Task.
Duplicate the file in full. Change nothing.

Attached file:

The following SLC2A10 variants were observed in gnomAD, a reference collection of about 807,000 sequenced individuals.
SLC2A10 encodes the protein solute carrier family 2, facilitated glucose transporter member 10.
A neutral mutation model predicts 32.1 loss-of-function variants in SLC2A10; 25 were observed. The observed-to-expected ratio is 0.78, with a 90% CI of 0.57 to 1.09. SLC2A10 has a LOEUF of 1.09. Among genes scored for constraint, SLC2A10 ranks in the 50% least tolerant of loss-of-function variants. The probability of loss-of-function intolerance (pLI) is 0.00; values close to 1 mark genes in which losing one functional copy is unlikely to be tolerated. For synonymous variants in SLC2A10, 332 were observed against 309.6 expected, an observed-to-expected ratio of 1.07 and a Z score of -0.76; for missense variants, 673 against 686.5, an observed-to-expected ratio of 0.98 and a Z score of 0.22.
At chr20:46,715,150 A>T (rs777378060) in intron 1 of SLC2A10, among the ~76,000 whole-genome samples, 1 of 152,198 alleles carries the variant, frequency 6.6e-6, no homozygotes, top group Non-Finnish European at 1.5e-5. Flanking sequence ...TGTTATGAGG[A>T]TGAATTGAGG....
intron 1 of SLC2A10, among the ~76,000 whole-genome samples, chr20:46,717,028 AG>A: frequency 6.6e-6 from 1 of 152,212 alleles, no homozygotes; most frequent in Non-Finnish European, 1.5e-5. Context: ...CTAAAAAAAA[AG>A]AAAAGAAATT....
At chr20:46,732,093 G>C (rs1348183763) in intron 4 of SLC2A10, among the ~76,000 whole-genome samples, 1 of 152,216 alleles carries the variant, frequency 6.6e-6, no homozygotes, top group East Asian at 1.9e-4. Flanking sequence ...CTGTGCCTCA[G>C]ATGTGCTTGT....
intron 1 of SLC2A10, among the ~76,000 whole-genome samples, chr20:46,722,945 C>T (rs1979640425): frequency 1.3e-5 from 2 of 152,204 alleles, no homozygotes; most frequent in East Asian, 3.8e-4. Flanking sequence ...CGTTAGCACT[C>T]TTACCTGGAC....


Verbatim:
The following SLC2A10 variants were observed in gnomAD, a reference collection of about 807,000 sequenced individuals.
SLC2A10 encodes the protein solute carrier family 2, facilitated glucose transporter member 10.
A neutral mutation model predicts 32.1 loss-of-function variants in SLC2A10; 25 were observed. The observed-to-expected ratio is 0.78, with a 90% CI of 0.57 to 1.09. SLC2A10 has a LOEUF of 1.09. Among genes scored for constraint, SLC2A10 ranks in the 50% least tolerant of loss-of-function variants. The probability of loss-of-function intolerance (pLI) is 0.00; values close to 1 mark genes in which losing one functional copy is unlikely to be tolerated. For synonymous variants in SLC2A10, 332 were observed against 309.6 expected, an observed-to-expected ratio of 1.07 and a Z score of -0.76; for missense variants, 673 against 686.5, an observed-to-expected ratio of 0.98 and a Z score of 0.22.
At chr20:46,715,150 A>T (rs777378060) in intron 1 of SLC2A10, among the ~76,000 whole-genome samples, 1 of 152,198 alleles carries the variant, frequency 6.6e-6, no homozygotes, top group Non-Finnish European at 1.5e-5. Flanking sequence ...TGTTATGAGG[A>T]TGAATTGAGG....
intron 1 of SLC2A10, among the ~76,000 whole-genome samples, chr20:46,717,028 AG>A: frequency 6.6e-6 from 1 of 152,212 alleles, no homozygotes; most frequent in Non-Finnish European, 1.5e-5. Context: ...CTAAAAAAAA[AG>A]AAAAGAAATT....
At chr20:46,732,093 G>C (rs1348183763) in intron 4 of SLC2A10, among the ~76,000 whole-genome samples, 1 of 152,216 alleles carries the variant, frequency 6.6e-6, no homozygotes, top group East Asian at 1.9e-4. Flanking sequence ...CTGTGCCTCA[G>C]ATGTGCTTGT....
intron 1 of SLC2A10, among the ~76,000 whole-genome samples, chr20:46,722,945 C>T (rs1979640425): frequency 1.3e-5 from 2 of 152,204 alleles, no homozygotes; most frequent in East Asian, 3.8e-4. Flanking sequence ...CGTTAGCACT[C>T]TTACCTGGAC....